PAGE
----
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School board plans solar installations

A+1.74+megawatt+%28MW%29+system+is+planned+to+be+installed+at+HHS.+Secure+Futures+used+a+program+called+HelioScope+to+digitally+plan+the+solar+arrays+that+they+are+proposing+to+the+school+board.+Bluestone+Elementary+would+install+a+296+kilowatt+%28KW%29+system%2C+and+Skyline+Middle+would+implement+a+501KW+system.+There+are+also+plans+for+more+ground+installations+at+the+high+school%2C+Keister+and+Stone+Spring+Elementary+schools.
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School board plans solar installations

A 1.74 megawatt (MW) system is planned to be installed at HHS. Secure Futures used a program called HelioScope to digitally plan the solar arrays that they are proposing to the school board. Bluestone Elementary would install a 296 kilowatt (KW) system, and Skyline Middle would implement a 501KW system. There are also plans for more ground installations at the high school, Keister and Stone Spring Elementary schools.

A 1.74 megawatt (MW) system is planned to be installed at HHS. Secure Futures used a program called HelioScope to digitally plan the solar arrays that they are proposing to the school board. Bluestone Elementary would install a 296 kilowatt (KW) system, and Skyline Middle would implement a 501KW system. There are also plans for more ground installations at the high school, Keister and Stone Spring Elementary schools.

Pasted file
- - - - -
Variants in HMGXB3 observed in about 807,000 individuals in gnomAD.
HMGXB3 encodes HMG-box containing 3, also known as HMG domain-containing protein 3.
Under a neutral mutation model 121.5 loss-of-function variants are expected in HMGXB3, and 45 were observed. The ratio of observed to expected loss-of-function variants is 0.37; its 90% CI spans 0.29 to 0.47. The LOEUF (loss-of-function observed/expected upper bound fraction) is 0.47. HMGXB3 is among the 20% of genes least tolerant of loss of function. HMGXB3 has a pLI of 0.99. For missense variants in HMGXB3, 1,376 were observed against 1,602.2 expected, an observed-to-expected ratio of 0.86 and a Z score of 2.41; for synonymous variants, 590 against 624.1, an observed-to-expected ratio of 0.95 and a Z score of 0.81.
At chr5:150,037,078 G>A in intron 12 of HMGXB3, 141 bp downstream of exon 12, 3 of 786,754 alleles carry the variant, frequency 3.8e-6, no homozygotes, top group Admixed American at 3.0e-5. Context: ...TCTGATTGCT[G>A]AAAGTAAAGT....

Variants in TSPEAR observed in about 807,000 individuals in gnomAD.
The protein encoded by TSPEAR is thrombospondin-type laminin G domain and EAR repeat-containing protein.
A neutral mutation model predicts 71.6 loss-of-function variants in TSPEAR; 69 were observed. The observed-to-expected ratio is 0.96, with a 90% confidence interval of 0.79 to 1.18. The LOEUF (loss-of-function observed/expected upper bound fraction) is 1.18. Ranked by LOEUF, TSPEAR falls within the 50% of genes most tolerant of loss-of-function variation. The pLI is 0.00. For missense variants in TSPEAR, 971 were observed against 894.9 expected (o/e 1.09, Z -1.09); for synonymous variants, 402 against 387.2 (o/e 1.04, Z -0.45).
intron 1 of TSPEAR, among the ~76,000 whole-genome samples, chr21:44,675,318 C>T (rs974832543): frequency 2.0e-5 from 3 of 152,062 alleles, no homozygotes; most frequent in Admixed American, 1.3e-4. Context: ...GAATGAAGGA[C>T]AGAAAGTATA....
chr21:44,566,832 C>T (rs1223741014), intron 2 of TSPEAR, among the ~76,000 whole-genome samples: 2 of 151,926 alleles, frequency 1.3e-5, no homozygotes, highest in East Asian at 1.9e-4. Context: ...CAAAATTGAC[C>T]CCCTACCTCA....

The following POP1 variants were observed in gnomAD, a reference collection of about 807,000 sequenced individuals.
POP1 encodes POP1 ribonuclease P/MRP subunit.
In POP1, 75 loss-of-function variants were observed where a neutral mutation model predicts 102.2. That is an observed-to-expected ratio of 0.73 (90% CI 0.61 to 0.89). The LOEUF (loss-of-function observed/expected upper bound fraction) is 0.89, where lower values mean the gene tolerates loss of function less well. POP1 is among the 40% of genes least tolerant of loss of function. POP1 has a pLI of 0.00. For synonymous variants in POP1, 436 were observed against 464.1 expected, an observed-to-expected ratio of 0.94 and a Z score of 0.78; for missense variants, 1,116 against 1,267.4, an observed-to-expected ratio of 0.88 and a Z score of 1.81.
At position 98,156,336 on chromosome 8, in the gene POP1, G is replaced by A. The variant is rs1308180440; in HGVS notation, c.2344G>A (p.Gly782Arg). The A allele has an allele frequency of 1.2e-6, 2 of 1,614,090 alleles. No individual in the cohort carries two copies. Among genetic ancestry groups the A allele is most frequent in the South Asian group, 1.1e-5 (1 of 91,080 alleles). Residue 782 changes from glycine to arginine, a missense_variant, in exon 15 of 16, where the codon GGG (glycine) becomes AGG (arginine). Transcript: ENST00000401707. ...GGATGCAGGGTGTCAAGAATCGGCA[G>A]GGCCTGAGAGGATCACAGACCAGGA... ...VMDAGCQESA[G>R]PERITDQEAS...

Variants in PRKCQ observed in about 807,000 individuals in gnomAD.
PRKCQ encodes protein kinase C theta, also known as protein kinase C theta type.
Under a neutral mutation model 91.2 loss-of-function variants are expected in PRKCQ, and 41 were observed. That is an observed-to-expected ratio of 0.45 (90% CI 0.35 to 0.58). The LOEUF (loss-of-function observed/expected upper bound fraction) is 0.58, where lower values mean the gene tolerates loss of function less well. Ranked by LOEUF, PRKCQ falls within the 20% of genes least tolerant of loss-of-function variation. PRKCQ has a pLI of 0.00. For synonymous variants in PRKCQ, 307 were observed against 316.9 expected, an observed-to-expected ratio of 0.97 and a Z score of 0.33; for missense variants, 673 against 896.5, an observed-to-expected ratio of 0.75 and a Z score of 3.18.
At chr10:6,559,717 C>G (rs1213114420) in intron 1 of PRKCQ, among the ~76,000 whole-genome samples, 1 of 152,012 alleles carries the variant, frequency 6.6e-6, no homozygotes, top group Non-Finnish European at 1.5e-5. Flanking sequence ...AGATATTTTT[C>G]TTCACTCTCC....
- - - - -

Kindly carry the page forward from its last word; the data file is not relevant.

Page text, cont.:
Photos courtesy of Secure Futures

A 1.74 megawatt (MW) system is planned to be installed at HHS. Secure Futures used a program called HelioScope to digitally plan the solar arrays that they are proposing to the school board. Bluestone Elementary would install a 296 kilowatt (KW) system, and Skyline Middle would implement a 501KW system. There are also plans for more ground installations at the high school, Keister and Stone Spring Elementary schools.

Photos courtesy of Secure Futures

Photos courtesy of Secure Futures

A 1.74 megawatt (MW) system is planned to be installed at HHS. Secure Futures used a program called HelioScope to digitally plan the solar arrays that they are proposing to the school board. Bluestone Elementary would install a 296 kilowatt (KW) system, and Skyline Middle would implement a 501KW system. There are also plans for more ground installations at the high school, Keister and Stone Spring Elementary schools.

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Bluestone Elementary School is the most expensive public school in Virginia per square foot, but during the design phase, its price tag was initially much more. The original design included a city-owned solar panel array that would power the entire school, detaching it from the grid. School board chair member Deb Fitzgerald was a part of the plan from the design phase.

“The last person I know to have brought [solar panels] up was Vice Chairman Andy Kohen. When Bluestone Elementary School was in the design phase, he suggested that the city should buy solar panels and put them on the school. That was one of the things that got cut because of the limited price tag,” Fitzgerald said.

The plan for the city to own and operate the panels wasn’t financially feasible, but at the beginning of 2018, a new plan emerged on a much larger scale to solarize all of the schools.

“When the board got constituted a couple of years ago, we thought about solarizing the schools using a different approach; that is having [the solar panels] owned, operated and maintained by somebody else so we don’t have to spend the money to get them,” Fitzgerald said.

Because the city wouldn’t be making a payment for the installations, the school board has the authority to sign the contract for installations without the discretion of city council.